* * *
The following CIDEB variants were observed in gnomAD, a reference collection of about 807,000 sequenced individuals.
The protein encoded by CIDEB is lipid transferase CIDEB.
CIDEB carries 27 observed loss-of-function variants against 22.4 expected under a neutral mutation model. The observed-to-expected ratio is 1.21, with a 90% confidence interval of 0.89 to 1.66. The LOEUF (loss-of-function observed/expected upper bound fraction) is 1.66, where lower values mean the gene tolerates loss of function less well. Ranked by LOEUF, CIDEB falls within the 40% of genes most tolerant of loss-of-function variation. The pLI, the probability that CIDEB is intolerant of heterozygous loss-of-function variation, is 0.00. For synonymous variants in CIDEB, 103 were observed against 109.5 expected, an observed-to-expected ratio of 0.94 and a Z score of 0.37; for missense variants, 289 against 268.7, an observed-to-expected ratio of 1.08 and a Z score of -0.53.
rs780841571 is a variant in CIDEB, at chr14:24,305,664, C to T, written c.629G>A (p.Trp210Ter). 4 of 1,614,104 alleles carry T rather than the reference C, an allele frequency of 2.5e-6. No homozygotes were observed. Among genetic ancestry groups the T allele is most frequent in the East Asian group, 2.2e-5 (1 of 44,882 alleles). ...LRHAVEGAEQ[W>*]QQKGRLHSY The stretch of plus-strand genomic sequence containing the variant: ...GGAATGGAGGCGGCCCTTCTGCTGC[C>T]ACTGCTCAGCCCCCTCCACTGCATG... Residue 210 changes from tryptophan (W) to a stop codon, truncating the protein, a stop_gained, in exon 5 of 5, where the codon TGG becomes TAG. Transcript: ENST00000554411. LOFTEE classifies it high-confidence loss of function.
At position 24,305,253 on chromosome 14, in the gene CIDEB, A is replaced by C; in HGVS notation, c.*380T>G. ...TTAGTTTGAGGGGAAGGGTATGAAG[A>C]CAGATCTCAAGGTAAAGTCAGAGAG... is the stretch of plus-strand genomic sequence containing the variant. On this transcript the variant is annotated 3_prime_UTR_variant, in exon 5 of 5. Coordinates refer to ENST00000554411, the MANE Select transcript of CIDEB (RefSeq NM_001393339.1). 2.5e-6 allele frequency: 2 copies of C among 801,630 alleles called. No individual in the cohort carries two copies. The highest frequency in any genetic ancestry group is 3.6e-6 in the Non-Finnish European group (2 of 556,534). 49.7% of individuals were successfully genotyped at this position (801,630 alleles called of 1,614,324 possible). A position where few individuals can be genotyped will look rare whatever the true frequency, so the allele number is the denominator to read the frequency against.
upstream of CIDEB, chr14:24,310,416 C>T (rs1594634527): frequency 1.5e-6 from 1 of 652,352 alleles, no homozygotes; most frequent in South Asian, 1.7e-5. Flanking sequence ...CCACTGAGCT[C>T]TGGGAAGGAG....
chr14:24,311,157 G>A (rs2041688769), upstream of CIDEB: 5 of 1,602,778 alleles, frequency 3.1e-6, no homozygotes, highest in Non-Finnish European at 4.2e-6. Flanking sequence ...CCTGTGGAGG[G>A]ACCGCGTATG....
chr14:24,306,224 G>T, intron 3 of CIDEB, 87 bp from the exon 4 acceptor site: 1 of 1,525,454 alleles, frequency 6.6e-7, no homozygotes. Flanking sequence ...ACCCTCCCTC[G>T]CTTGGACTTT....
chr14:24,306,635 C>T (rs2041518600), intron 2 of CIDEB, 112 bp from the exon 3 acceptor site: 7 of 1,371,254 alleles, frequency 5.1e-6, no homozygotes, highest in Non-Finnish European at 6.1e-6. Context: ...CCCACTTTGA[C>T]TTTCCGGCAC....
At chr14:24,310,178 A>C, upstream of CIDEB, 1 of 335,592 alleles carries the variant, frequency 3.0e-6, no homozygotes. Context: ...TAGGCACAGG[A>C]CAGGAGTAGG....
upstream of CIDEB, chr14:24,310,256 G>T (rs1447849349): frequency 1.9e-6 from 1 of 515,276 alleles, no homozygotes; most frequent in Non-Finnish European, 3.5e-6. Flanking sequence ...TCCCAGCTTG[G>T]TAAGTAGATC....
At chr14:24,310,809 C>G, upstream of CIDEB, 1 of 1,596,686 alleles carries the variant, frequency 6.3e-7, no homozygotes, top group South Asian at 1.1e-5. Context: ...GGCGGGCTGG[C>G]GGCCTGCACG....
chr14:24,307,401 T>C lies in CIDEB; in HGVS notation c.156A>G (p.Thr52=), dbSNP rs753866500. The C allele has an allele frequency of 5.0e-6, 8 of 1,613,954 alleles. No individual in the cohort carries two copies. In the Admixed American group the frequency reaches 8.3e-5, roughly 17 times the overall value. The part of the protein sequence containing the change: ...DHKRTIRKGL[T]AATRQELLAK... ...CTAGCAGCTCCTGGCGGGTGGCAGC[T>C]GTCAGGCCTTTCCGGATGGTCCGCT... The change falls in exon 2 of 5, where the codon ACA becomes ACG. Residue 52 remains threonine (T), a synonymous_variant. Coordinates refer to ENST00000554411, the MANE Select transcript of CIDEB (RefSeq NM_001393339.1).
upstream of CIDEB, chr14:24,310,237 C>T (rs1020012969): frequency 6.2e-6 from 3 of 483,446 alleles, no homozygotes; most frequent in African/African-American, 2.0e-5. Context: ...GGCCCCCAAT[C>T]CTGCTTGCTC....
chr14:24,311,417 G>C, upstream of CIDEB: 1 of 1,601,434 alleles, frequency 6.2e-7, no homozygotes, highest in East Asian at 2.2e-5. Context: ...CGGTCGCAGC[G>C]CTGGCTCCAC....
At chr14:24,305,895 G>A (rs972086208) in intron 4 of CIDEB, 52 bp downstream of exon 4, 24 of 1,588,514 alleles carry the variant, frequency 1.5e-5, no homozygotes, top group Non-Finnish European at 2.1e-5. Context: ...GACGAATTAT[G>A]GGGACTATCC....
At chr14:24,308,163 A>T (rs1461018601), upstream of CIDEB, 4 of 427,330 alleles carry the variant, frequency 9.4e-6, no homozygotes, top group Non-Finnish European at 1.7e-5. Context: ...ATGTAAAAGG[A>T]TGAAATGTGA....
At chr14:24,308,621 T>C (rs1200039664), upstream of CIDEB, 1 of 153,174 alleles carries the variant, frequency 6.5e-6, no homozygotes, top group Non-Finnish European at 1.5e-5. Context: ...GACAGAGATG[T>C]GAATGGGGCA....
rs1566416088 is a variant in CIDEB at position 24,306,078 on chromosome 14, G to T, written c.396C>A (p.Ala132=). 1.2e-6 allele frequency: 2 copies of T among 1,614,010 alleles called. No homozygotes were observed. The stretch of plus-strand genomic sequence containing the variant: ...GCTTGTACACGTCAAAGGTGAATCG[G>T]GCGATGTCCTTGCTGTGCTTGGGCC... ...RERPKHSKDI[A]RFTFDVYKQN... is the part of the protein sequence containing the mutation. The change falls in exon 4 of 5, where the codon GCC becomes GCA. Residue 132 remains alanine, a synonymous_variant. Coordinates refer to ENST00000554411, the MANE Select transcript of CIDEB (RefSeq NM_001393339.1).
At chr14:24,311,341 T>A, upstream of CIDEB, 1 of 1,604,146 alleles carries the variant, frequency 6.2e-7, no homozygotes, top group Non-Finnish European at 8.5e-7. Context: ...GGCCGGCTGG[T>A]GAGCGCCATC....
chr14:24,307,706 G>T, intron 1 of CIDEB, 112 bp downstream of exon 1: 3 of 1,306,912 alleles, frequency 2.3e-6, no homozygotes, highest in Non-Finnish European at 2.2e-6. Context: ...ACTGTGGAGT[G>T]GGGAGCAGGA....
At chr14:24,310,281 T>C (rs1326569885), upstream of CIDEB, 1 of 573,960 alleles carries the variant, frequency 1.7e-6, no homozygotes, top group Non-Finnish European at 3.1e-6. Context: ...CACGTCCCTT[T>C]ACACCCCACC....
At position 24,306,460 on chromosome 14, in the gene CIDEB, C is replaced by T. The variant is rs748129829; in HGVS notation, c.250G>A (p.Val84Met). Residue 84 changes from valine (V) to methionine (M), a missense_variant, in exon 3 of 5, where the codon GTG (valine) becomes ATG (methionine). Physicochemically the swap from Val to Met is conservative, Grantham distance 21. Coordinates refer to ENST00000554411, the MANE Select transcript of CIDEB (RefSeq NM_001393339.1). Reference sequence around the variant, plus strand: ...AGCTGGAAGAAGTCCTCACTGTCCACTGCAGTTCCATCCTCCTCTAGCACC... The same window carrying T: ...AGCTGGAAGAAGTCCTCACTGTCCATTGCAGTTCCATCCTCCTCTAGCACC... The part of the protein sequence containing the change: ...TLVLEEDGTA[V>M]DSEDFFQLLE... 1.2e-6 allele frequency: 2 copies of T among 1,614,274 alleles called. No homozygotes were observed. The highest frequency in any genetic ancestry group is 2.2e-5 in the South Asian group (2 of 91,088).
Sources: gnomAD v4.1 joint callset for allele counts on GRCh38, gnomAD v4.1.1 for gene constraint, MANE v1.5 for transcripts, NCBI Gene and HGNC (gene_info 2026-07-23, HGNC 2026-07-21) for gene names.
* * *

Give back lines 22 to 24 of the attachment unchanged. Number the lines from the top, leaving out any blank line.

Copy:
At chr14:24,310,281 T>C (rs1326569885), upstream of CIDEB, 1 of 573,960 alleles carries the variant, frequency 1.7e-6, no homozygotes, top group Non-Finnish European at 3.1e-6. Context: ...CACGTCCCTT[T>C]ACACCCCACC....
At position 24,306,460 on chromosome 14, in the gene CIDEB, C is replaced by T. The variant is rs748129829; in HGVS notation, c.250G>A (p.Val84Met). Residue 84 changes from valine (V) to methionine (M), a missense_variant, in exon 3 of 5, where the codon GTG (valine) becomes ATG (methionine). Physicochemically the swap from Val to Met is conservative, Grantham distance 21. Coordinates refer to ENST00000554411, the MANE Select transcript of CIDEB (RefSeq NM_001393339.1). Reference sequence around the variant, plus strand: ...AGCTGGAAGAAGTCCTCACTGTCCACTGCAGTTCCATCCTCCTCTAGCACC... The same window carrying T: ...AGCTGGAAGAAGTCCTCACTGTCCATTGCAGTTCCATCCTCCTCTAGCACC... The part of the protein sequence containing the change: ...TLVLEEDGTA[V>M]DSEDFFQLLE... 1.2e-6 allele frequency: 2 copies of T among 1,614,274 alleles called. No homozygotes were observed. The highest frequency in any genetic ancestry group is 2.2e-5 in the South Asian group (2 of 91,088).
Sources: gnomAD v4.1 joint callset for allele counts on GRCh38, gnomAD v4.1.1 for gene constraint, MANE v1.5 for transcripts, NCBI Gene and HGNC (gene_info 2026-07-23, HGNC 2026-07-21) for gene names.